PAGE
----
Fianna Fáil TD for Laois-Offaly, Barry Cowen has expressed concern at the number of vacant posts in occupational therapy services in Laois-Offaly.
Deputy Cowen was commenting as a HSE response on capacity outlined that “even if all posts were filled [the HSE] is unable to meet the growing demands for services”.
Deputy Cowen explained: “Occupational therapy services are entering 2019 as they left 2018, understaffed and under-resourced.
“We currently have five vacancies in paediatric OT services and despite assurances given in the Budget that extra resources towards children’s assessments would be provided, children across Laois and Offaly still have to wait for excessively long periods to get their first-time assessment.
“In their response to me the HSE outlined that the Primary Care Paediatric OT vacancy has been prioritised for approval but that in the meantime an agency OT had been appointed until the end of January 2019.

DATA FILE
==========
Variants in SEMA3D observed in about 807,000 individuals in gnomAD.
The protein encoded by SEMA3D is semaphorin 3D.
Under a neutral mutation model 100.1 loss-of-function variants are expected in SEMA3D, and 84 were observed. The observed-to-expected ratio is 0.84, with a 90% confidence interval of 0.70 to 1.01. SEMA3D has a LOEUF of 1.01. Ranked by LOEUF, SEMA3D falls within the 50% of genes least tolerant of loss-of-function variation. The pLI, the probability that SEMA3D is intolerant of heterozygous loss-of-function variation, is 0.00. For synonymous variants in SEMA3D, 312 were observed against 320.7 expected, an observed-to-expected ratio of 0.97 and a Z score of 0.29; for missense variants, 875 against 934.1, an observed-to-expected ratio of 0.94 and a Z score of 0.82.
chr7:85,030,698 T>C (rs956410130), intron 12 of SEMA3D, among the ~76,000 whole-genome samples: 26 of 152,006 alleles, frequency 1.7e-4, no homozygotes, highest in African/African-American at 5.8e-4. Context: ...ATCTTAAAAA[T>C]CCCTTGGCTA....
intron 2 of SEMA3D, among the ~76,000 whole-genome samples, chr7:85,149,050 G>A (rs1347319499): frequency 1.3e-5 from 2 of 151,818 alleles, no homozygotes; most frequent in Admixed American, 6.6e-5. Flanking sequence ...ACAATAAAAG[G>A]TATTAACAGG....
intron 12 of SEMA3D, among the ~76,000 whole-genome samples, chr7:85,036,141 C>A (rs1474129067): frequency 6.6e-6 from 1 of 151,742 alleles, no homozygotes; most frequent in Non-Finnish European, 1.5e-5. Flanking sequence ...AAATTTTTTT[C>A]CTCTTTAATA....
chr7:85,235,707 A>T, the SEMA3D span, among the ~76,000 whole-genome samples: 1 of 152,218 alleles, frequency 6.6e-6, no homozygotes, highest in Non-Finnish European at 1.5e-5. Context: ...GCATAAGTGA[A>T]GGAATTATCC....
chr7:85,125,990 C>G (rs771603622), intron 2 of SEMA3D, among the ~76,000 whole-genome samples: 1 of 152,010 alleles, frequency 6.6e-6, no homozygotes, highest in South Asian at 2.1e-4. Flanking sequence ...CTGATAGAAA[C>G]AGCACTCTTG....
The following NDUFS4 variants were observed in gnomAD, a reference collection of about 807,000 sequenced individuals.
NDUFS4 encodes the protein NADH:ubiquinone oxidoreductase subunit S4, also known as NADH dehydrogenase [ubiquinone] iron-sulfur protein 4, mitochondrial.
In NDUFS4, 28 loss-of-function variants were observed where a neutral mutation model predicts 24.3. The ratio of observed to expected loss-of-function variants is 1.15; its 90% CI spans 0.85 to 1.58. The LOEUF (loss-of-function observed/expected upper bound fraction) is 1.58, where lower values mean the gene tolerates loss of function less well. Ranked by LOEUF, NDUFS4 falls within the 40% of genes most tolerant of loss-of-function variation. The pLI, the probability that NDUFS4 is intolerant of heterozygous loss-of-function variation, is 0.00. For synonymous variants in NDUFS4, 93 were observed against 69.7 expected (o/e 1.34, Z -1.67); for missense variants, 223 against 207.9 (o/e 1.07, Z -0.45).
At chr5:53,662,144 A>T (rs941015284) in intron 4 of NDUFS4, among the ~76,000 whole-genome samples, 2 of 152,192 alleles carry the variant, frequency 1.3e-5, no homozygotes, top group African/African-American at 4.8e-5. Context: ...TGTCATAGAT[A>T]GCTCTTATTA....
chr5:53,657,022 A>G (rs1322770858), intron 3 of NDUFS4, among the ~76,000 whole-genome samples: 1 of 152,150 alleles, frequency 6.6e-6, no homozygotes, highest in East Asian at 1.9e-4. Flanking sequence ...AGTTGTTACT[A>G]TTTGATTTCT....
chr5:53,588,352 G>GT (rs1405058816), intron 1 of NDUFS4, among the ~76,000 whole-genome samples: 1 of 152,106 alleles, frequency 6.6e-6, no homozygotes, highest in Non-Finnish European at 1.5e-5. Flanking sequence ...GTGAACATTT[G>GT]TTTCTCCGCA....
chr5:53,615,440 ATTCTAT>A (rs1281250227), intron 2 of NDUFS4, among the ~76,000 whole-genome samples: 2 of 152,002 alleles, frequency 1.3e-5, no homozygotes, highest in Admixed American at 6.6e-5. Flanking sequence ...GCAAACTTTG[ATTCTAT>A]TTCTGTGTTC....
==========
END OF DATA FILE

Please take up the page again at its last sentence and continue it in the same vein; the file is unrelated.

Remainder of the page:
“What happens at the end of January if the permanent position remains unfilled? Will the agency therapist remain in place? We know that there is a huge recruitment and retention crisis in the HSE and that hundreds of millions are spent each year on agency staff which results in a massive budget overspend.
“The timelines involved in recruitment is currently eight to ten months and I have heard from constituents, whose family members, having lived and worked abroad would now like to return to Ireland to work in our health services but have found the system of recruitment, arduous and bureaucratic.
“The HSE must get to grips with this crisis. The National Treatment Purchase Fund (NTPF) which seeks to reduce waiting times for public patients is currently only available for inpatient cases and does not cater for the lengthy waiting lists experienced by children waiting for first-time assessments.
“The Minister must consider extending the NTPF to alleviate outpatient lists and to allow parents access private OT assessments for their children. There are children whose health is deteriorating as they await their first assessment of need”, concluded Deputy Cowen.